Labor Day Weekend Travel: What You Need to Know

Airlines are expecting high numbers, but the highways may not be too bad.

In the Air

The airlines will be in high gear as they are expecting 2.23 million air travels this weekend, a 4 percent increase from 2015’s Labor Day weekend, according to trade organization Airlines for America. In response, the airlines will be adding almost 100,000 more seats.

The trade organization expects Friday to be the busiest day in the skies.

“On the heels of this summer’s record volumes and falling ticket prices, A4A [Airlines for America] anticipates a commensurate increase in the number of flyers for the Labor Day period,” A4A president and chief economist John Heimlich said.

Air fares this year are lower than previous years, partly because of falling oil prices.

On the Road

AAA says gas prices for drivers will be at their lowest point since 2004, even though demand for gasoline will be near all-time highs.

A report from the National Safety Council, a congressionally chartered nonprofit, indicates motor vehicle deaths were 9 percent higher through the first six months of 2016 than in 2015. The same report predicts 2016’s Labor Day will be the deadliest since 2008.

They council estimates 438 people will be killed during the three-day holiday period.

Despite the grim prediction, crowd-sourcing navigation app, Waze, tells ABC News that its historical data indicates highway traffic shouldn’t be too bad. So hit the road and drive safe.


The weather could affect your plans this Labor Day weekend, so be sure to watch your weather channel. Tropical Storm Hermine will continue to affect Florida, Georgia and the Carolinas through Friday night and the coming days.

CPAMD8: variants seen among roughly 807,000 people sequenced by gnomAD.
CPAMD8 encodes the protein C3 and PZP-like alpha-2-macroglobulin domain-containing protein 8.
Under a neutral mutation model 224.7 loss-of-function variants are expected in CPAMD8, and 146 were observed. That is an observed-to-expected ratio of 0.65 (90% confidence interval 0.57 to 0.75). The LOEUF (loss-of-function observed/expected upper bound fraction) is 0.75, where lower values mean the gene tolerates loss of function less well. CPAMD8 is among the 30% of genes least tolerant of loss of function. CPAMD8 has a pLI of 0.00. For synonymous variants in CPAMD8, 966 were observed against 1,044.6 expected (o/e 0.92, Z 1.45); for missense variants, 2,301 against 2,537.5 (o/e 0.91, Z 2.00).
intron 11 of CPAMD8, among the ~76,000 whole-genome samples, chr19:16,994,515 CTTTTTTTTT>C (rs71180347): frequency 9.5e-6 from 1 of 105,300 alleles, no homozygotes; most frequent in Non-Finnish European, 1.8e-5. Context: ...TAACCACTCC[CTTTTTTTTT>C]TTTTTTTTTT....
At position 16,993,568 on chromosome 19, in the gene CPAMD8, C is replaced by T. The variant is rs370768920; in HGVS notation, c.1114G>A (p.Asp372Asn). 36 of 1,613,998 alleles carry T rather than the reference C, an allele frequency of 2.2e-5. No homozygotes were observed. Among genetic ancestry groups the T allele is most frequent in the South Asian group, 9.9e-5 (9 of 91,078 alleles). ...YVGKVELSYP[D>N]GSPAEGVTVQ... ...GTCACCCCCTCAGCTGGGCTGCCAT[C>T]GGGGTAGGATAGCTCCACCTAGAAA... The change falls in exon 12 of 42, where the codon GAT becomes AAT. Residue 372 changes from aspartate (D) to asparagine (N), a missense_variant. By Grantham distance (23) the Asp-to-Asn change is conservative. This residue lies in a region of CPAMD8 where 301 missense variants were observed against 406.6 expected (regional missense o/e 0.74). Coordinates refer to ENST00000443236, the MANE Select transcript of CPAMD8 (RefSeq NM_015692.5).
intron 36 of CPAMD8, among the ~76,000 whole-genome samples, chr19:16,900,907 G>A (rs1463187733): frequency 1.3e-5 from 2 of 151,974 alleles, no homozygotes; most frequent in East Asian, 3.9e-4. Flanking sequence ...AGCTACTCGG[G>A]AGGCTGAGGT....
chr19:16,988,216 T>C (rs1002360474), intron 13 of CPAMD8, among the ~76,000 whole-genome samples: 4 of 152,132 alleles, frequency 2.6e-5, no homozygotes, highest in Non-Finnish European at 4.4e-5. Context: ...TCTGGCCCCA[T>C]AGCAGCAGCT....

The storm made landfall as a hurricane in Florida early Friday, bringing strong winds and flooding to a wide swath of the state's Gulf coast, before being downgraded to a tropical storm.

The National Weather Service said much of northwest Florida and southern Georgia will be blanketed with 5 to 10 inches of rain in total through Friday, with maximum amounts of as much as 15 inches falling in isolated areas. A few tornadoes are also possible Friday morning across northern Florida and southern Georgia.

The eye of the storm is expected to continue moving across southeast Georgia on Friday and across the coastal Carolinas on Friday night. Forecasters anticipate tropical storm conditions to continue near Hermine's center Friday morning and spread northward within the warning area along the Atlantic coast throughout the day and night.

Because of a dangerous storm surge and the tide, rising waters will continue to rush inland from the shoreline and flood normally dry areas near the coast. As of 8 a.m. ET Friday morning, the National Hurricane Center said, "there is a danger of life-threatening inundation within the next 12 to 24 hours along the Gulf coast of Florida from Indian Pass to Longboat Key."

The tropical system is expected to weaken while its center remains over land and winds in the warning area along Florida's Gulf coast should gradually diminish Friday. The latest forecast had Hermine's maximum sustained winds decreased to about 50 mph with higher gusts, as it approached the state's upper-Gulf Coast.

Forecasters expect Hermine's center to move offshore of the North Carolina coast o Saturday, likely allowing the storm to regain some strength. Tropical storm conditions are possible in the watch area on Saturday and Sunday. Heavy rain could reach the coastal Mid-Atlantic states from Virginia to New Jersey beginning early Saturday, according to the National Hurricane Center.

As of 11 a.m. ET Friday, the Tropical Storm Warning had been extended northward from Duck, North Carolina, to south of Fenwick Island, Delaware, including the Chesapeake Bay from Drum Point southward and the Tidal Potomac from Cobb Island eastward.

The Tropical Storm Watch had also been extended northward from Sandy Hook, New Jersey, to west of Watch Hill, Rhode Island, including Long Island and New York City, according to the National Hurricane Center.

ABC News' Max Golembo contributed to this report.